Cordyline fruticosa

OLYMPUS DIGITAL CAMERAPLANT NAME: Cordyline fruticosa (L.) A. Chev.

COMMON NAMES: Lä’ï, kï [Hawai’i]; ti [USA];asikuga [Solomon Islands]; cana la india [Venuzuela]; Dracena, bloddracena [Sweden]; jeluang [Sumatra]; litik, idahan [Borneo]; mak pu mak mia [Thailand]; sawang [Borneo]; si [Tonga]; ti kouka, cabbage tree (Cordyline australis) [New Zealand].

FAMILY: Agavaceae.


  • The lä’ï roots were boiled or baked and made into food, a sweet candy, and into a fermented drink.

  • The leaves were used in Hawai’i to preserve breadfruit. Also used for cooking in underground ovens (called an ‘imu) in Hawai’i, and as a sweetener in Fiji.

  • While the leaves of various introduced and native New Zealand Cordyline reportedly have been eaten by the Maori [Cambie 2003], it would be hard to find an edible preparation for lä’ï leaves unless one is eating the young shoots.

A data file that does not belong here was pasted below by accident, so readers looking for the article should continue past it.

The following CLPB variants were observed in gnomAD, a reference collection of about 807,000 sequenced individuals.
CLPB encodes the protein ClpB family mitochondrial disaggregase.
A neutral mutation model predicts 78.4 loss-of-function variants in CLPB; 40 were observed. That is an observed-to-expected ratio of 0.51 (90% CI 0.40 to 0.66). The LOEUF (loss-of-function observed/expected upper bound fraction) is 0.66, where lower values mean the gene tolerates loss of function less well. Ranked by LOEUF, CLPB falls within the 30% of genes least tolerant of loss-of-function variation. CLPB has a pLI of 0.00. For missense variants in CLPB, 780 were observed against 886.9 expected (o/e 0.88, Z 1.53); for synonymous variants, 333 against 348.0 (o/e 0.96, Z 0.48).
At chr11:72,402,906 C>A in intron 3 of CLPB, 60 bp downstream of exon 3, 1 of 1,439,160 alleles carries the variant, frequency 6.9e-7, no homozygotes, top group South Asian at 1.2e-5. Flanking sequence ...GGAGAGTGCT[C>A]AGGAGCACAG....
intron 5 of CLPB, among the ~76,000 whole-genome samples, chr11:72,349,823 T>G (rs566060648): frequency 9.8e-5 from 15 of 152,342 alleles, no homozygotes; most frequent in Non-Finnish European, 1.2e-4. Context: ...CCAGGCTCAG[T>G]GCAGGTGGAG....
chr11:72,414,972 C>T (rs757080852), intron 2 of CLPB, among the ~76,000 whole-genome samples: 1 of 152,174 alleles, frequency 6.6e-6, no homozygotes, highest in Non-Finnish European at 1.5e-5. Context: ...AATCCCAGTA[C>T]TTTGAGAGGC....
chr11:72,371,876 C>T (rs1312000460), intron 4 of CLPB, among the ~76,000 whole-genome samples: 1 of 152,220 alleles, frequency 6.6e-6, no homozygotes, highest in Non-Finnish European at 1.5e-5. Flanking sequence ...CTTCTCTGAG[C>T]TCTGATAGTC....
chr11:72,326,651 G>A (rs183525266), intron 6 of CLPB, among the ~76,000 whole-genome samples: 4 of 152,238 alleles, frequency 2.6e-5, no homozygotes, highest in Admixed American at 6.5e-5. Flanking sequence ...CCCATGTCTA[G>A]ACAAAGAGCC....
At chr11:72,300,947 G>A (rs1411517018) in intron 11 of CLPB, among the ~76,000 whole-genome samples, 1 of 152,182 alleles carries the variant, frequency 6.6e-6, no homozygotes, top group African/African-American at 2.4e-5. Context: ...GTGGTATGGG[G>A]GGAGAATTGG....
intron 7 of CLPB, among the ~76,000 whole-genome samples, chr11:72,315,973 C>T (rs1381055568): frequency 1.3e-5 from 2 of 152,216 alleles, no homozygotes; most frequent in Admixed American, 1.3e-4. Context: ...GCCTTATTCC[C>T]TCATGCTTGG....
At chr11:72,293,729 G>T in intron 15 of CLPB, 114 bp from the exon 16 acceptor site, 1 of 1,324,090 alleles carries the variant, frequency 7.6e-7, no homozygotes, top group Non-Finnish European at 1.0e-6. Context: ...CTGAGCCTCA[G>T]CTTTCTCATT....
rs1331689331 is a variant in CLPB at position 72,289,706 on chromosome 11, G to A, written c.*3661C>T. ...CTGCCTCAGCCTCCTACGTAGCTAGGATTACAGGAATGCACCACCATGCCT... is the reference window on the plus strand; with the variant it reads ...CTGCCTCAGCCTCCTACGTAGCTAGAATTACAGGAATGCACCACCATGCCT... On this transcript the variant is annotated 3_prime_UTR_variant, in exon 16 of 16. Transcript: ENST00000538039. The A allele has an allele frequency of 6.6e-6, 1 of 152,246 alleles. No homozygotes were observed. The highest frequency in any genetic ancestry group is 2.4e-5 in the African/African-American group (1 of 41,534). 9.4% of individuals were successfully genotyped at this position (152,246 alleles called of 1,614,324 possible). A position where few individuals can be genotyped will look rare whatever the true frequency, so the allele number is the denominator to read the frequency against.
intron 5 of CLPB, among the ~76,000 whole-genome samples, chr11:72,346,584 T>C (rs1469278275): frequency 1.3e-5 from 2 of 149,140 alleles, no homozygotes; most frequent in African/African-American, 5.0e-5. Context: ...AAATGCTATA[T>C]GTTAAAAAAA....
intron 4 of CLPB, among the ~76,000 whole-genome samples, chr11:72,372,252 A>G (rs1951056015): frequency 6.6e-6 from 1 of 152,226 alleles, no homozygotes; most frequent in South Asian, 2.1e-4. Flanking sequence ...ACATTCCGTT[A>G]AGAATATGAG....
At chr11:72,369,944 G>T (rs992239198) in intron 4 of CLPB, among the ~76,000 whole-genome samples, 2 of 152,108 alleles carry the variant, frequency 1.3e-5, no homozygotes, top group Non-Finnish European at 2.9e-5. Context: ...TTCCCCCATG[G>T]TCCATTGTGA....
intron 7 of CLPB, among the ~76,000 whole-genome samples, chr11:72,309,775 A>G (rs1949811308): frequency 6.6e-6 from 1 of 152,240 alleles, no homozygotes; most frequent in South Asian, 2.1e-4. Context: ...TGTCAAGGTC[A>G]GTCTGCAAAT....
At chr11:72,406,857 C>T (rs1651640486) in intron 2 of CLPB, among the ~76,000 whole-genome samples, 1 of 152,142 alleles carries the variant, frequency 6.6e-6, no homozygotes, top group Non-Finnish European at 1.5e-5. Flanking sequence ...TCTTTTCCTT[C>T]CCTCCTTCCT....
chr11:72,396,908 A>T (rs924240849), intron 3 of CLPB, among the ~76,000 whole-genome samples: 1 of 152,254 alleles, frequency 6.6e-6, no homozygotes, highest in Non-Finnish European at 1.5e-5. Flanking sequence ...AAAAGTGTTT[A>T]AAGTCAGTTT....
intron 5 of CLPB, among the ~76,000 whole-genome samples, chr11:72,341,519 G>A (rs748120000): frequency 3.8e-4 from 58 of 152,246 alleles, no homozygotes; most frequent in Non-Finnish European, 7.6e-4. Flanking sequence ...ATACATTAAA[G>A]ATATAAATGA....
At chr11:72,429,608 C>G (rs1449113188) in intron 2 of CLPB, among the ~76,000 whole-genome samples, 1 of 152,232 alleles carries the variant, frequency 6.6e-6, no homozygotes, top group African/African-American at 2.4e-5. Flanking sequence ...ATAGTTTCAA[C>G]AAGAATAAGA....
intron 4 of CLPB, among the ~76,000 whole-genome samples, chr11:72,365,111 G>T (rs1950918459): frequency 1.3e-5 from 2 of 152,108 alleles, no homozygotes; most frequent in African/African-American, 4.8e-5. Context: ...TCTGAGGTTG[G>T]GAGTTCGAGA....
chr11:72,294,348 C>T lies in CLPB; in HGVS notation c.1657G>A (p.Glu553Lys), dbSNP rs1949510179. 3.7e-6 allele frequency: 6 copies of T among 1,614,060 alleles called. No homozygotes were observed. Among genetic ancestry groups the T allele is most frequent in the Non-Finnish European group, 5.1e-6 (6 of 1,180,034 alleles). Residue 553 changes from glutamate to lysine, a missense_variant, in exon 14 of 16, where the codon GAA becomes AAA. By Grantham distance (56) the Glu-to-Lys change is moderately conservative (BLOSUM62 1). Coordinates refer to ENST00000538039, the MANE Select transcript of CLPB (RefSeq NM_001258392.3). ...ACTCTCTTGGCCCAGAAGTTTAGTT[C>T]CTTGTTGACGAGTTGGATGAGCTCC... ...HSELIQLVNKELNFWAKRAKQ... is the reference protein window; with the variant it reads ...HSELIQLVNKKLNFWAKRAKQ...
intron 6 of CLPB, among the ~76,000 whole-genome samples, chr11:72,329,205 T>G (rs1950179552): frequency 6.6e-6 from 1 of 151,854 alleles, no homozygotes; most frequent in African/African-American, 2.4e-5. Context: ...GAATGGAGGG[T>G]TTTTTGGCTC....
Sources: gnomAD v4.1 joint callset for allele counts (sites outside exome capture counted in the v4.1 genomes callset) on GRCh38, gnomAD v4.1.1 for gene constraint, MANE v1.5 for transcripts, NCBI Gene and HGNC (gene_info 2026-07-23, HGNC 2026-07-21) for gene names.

RANGE: Globally, tropics and sub tropics. Native to tropical Asia, or possibly the Himalayas.

GATHERING: Kinolau of Käne and possibly Lono. When possible, I always try to gather lä’ï before other herbs and use it as a gathering lei and medicine bundle. The lei may be offered as a gift to Wao Akua (the forest), or worn to purify the gatherer. As a medicine bundle, it is given to the patient, who removes the herbs for preparation and then replants the “wrapping” in their yard, where it will grow as a reminder of their healing process and relationship to the divine.

PROPAGATION & CULTIVATION: Place a broken stem in the ground and watch it grow.

OLYMPUS DIGITAL CAMERATOXICITY: Some leaves are reported to contain calcium oxalate raphides, so they should be cooked. However, the young raw leaf shoots are sweet and edible.

CAUTIONS AND CONTRAINDICATIONS: Not recommended in pregnancy until more research is done.

ENERGETIC CAUTIONS: Caution with cold Spleen / Stomach~.


A symbol of purity and spiritual power in ancient (and modern) Hawai’i, lä’ï is planted around houses, made into healer’s leis, and used in ceremonial blessings. It was often grown at temples of the medicine god Lono and the hula goddess Laka. Temples to Lono were thatched with lä’ï leaves and those to Kü (the war god) were thatched with other plants.